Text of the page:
Prosecutor Acted as an Unsworn Witness and Improperly Suggested Defendant Committed Offenses With Which He Was Not Charged---Conviction Reversed in the Interest of Justice

 

The Second Department determined defendant's weapon-possession conviction must be reversed because of the misconduct of the prosecutor.  Although the errors were not preserved by objection, the court invoked its "interest of justice" power to reach the issue.  The prosecutor functioned as an unsworn witness by indicating, during cross-examination of the defendant, that her office had called a restaurant to find out the closing time and using that information to impeach the defendant's testimony. The prosecutor, in her summation, accused the defendant of lying based on the unsworn "restaurant closing-time" information she had put on the record.  In addition, the prosecutor suggested that defendant intended to use the weapon to harm someone and had committed multiple gun-possession offenses, unsupported claims not relevant to the charged offense:

 

The prosecutor improperly functioned as an unsworn witness when she cross-examined the defendant regarding the closing time of a restaurant in Brooklyn ... .  The police officers who conducted the traffic stop testified on their direct examinations that the traffic stop occurred at 9:35 p.m. On his direct examination, in contrast, the defendant testified that the traffic stop occurred between 8:00 p.m. and 8:30 p.m., while he and the other occupants of the vehicle were on their way to a restaurant in Brooklyn. During the prosecutor's cross-examination of the defendant, she improperly suggested facts not in evidence when she implied that the District Attorney's office had called the restaurant to ascertain its hours of operation, and asked the defendant whether he testified that the traffic stop occurred between 8:00 p.m. and 8:30 p.m. because he knew that the restaurant was not open at 9:35 p.m. ... . During summation, the prosecutor again improperly implied, without having submitted any evidence about the closing time of the restaurant, that the defendant had lied about what he was doing at the time of the traffic stop ... .

 

Further, the prosecutor made improper remarks during summation which suggested that the defendant possessed the weapon with an intent to use it to harm someone, even though this was not an element of the crime for which the defendant was on trial ... . Similarly, the prosecutor's questioning of the defendant about one of his tattoos was improper and led to the inflammatory and unsupported inference that the defendant had previously used the weapon to harm someone ... . It was also improper for the prosecutor to argue during summation that the defendant had learned certain information during the pretrial hearing even though there was no evidence to support this assertion ... .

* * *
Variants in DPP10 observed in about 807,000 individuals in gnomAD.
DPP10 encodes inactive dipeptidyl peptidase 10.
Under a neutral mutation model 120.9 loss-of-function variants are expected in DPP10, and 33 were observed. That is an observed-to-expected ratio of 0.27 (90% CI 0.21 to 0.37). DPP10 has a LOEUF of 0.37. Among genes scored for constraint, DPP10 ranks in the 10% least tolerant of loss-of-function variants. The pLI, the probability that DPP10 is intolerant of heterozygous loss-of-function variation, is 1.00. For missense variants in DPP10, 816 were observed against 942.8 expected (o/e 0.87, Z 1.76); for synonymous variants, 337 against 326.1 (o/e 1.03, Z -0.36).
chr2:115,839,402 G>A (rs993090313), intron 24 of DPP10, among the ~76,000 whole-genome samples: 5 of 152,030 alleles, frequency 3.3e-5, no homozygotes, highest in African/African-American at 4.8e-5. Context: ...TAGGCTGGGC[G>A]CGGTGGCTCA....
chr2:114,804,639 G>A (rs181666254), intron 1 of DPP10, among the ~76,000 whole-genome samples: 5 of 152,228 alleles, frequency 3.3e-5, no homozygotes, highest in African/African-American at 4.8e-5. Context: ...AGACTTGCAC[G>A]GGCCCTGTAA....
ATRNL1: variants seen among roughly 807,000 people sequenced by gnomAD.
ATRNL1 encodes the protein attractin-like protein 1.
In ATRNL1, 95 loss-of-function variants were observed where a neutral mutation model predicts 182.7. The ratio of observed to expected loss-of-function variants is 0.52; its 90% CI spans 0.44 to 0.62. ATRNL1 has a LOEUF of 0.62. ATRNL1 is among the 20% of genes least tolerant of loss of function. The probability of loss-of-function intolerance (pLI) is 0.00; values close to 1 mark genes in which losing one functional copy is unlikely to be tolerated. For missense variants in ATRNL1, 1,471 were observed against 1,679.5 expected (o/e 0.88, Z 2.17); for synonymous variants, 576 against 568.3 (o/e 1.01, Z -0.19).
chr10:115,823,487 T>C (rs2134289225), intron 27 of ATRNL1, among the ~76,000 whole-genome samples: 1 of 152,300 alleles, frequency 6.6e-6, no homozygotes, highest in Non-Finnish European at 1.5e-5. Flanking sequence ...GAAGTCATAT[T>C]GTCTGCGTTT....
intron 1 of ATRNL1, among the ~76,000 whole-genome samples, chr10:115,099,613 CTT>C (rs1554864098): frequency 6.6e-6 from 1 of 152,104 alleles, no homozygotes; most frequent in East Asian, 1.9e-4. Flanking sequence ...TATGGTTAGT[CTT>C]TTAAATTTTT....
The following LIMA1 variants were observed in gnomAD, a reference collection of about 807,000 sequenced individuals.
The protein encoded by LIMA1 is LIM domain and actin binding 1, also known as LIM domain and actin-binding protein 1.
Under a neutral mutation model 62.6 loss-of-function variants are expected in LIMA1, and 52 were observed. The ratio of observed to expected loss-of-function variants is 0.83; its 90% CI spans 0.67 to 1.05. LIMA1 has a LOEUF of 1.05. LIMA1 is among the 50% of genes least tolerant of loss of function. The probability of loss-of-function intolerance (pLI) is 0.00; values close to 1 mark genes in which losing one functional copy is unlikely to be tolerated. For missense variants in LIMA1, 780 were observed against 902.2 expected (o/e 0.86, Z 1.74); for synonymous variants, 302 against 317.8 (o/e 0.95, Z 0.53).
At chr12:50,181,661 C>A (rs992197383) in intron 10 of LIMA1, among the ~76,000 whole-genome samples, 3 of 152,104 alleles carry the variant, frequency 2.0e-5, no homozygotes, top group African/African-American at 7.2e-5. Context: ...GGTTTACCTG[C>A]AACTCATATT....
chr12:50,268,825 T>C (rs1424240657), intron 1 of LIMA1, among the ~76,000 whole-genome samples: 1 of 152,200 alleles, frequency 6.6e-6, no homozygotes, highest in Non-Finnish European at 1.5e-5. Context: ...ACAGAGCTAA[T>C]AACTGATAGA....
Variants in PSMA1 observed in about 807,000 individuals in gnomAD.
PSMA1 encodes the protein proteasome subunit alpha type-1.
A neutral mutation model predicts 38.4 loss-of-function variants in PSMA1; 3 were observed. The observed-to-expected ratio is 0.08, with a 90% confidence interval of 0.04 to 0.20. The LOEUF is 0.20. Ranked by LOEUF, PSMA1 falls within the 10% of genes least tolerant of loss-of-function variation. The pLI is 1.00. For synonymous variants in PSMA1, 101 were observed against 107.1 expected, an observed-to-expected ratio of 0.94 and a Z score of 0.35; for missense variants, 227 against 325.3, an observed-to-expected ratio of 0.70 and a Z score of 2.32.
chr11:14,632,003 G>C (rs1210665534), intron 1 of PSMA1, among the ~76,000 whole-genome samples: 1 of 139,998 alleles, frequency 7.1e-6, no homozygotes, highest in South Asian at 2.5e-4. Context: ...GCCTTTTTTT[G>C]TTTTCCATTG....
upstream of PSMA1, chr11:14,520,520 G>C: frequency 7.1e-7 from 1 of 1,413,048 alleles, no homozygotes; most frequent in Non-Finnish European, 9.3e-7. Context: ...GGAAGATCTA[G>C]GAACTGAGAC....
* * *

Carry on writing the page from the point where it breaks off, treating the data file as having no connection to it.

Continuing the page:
In addition, the prosecutor's statement during summation that the defendant did not make any sudden movements during the traffic stop because he had already "played out this exact scenario in his mind . . . every time he left his house with that gun" was improper speculation, without any basis in the record, that the defendant had committed multiple gun possession offenses prior to the subject incident which led to his arrest ... .People v Rowley, 2015 NY Slip Op 02988, 2nd Dept 4-8-15

 

 

IMPROPER REMARKS IN SUMMATION

 

The prosecutor's characterizing (in a single-witness case) the People's case as the "truth," reversing the burden of proof (suggesting defendant must demonstrate why the complainant would lie), vouching for the truth of the complainant, making evidentiary claims not supported by the record, acting as an unsworn witness, and appealing to the juror's sympathies by describing the complainant's coming forward as a brave act for which the complainant should be rewarded (by a conviction), deprived defendant of a fair trial. 

 

Prosecutorial Misconduct Warranted a New Trial

 

The Fourth Department reversed defendant's conviction and ordered a new trial because of the prosecutor's misconduct.  The prosecutor shifted the burden of proof, vouched for the single witness, and appealed to the sympathies of the jury: